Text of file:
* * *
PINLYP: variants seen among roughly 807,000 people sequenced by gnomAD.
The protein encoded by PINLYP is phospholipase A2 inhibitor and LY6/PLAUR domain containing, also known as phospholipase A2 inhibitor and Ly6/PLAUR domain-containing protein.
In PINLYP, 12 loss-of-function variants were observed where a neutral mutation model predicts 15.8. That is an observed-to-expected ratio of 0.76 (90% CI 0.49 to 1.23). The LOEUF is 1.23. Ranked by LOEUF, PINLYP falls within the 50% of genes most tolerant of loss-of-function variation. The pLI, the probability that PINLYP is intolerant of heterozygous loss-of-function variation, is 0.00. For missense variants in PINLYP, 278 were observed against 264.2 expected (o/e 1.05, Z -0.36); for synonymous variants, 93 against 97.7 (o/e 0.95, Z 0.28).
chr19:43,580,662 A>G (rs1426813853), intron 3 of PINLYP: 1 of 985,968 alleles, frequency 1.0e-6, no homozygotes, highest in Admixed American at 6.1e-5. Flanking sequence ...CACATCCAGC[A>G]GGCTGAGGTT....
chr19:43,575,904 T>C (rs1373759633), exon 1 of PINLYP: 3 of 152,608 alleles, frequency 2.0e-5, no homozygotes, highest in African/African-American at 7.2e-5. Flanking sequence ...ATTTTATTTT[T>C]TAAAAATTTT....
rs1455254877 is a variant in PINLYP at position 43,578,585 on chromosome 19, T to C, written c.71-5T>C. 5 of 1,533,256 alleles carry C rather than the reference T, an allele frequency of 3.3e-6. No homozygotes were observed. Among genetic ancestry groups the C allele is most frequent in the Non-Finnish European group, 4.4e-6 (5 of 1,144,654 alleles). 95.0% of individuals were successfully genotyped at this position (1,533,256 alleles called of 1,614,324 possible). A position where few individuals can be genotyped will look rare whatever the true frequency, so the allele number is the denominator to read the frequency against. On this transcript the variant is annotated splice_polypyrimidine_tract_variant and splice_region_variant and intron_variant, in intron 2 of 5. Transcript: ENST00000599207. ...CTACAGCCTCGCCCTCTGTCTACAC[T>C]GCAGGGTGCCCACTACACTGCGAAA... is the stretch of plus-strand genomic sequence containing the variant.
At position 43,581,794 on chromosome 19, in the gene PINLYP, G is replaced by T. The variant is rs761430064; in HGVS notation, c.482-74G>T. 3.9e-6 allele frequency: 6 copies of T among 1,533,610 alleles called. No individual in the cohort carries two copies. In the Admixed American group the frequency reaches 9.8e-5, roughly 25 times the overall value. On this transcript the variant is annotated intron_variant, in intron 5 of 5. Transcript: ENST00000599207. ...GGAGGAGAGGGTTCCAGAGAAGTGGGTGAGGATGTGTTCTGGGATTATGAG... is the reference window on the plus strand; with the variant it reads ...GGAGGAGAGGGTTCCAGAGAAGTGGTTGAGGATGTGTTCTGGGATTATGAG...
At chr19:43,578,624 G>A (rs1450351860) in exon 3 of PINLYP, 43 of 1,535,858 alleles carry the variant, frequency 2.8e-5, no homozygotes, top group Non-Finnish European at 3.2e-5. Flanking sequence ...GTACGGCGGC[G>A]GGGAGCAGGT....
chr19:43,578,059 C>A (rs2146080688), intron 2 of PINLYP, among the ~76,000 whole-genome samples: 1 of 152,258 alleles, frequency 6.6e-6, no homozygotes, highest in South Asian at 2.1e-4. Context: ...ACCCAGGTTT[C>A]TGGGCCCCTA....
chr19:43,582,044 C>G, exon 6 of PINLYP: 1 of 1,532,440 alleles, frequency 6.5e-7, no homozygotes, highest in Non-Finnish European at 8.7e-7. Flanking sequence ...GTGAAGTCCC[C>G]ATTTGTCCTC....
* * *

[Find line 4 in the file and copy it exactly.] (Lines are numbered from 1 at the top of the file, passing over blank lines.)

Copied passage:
chr19:43,580,662 A>G (rs1426813853), intron 3 of PINLYP: 1 of 985,968 alleles, frequency 1.0e-6, no homozygotes, highest in Admixed American at 6.1e-5. Flanking sequence ...CACATCCAGC[A>G]GGCTGAGGTT....